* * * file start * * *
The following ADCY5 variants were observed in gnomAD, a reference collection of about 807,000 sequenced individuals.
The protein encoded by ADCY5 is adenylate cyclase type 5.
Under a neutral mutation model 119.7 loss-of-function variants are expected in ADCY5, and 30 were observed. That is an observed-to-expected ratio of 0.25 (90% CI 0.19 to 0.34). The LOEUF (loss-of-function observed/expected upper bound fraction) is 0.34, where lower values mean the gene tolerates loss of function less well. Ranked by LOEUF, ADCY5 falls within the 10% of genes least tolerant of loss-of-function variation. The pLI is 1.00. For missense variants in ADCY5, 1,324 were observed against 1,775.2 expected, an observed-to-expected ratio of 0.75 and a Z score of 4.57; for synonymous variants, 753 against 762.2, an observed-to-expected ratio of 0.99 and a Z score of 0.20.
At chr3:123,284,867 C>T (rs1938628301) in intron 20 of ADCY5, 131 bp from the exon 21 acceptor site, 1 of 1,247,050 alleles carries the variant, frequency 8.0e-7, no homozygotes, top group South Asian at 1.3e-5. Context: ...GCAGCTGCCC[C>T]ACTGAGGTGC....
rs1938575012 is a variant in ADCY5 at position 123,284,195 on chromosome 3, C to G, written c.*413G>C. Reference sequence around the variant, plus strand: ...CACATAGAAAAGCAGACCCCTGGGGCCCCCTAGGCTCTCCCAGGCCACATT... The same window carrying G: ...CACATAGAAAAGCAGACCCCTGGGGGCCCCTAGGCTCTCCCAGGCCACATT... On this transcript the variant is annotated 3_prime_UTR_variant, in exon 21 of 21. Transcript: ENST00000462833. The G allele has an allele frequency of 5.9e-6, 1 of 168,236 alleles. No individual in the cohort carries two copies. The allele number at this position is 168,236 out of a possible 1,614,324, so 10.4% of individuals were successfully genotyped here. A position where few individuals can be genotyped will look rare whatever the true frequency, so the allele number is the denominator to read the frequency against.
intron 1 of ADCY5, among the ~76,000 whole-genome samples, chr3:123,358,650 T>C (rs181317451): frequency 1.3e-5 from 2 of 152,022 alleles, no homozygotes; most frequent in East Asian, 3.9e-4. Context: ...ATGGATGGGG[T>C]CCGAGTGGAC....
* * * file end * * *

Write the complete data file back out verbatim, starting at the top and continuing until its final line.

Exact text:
The following ADCY5 variants were observed in gnomAD, a reference collection of about 807,000 sequenced individuals.
The protein encoded by ADCY5 is adenylate cyclase type 5.
Under a neutral mutation model 119.7 loss-of-function variants are expected in ADCY5, and 30 were observed. That is an observed-to-expected ratio of 0.25 (90% CI 0.19 to 0.34). The LOEUF (loss-of-function observed/expected upper bound fraction) is 0.34, where lower values mean the gene tolerates loss of function less well. Ranked by LOEUF, ADCY5 falls within the 10% of genes least tolerant of loss-of-function variation. The pLI is 1.00. For missense variants in ADCY5, 1,324 were observed against 1,775.2 expected, an observed-to-expected ratio of 0.75 and a Z score of 4.57; for synonymous variants, 753 against 762.2, an observed-to-expected ratio of 0.99 and a Z score of 0.20.
At chr3:123,284,867 C>T (rs1938628301) in intron 20 of ADCY5, 131 bp from the exon 21 acceptor site, 1 of 1,247,050 alleles carries the variant, frequency 8.0e-7, no homozygotes, top group South Asian at 1.3e-5. Context: ...GCAGCTGCCC[C>T]ACTGAGGTGC....
rs1938575012 is a variant in ADCY5 at position 123,284,195 on chromosome 3, C to G, written c.*413G>C. Reference sequence around the variant, plus strand: ...CACATAGAAAAGCAGACCCCTGGGGCCCCCTAGGCTCTCCCAGGCCACATT... The same window carrying G: ...CACATAGAAAAGCAGACCCCTGGGGGCCCCTAGGCTCTCCCAGGCCACATT... On this transcript the variant is annotated 3_prime_UTR_variant, in exon 21 of 21. Transcript: ENST00000462833. The G allele has an allele frequency of 5.9e-6, 1 of 168,236 alleles. No individual in the cohort carries two copies. The allele number at this position is 168,236 out of a possible 1,614,324, so 10.4% of individuals were successfully genotyped here. A position where few individuals can be genotyped will look rare whatever the true frequency, so the allele number is the denominator to read the frequency against.
intron 1 of ADCY5, among the ~76,000 whole-genome samples, chr3:123,358,650 T>C (rs181317451): frequency 1.3e-5 from 2 of 152,022 alleles, no homozygotes; most frequent in East Asian, 3.9e-4. Context: ...ATGGATGGGG[T>C]CCGAGTGGAC....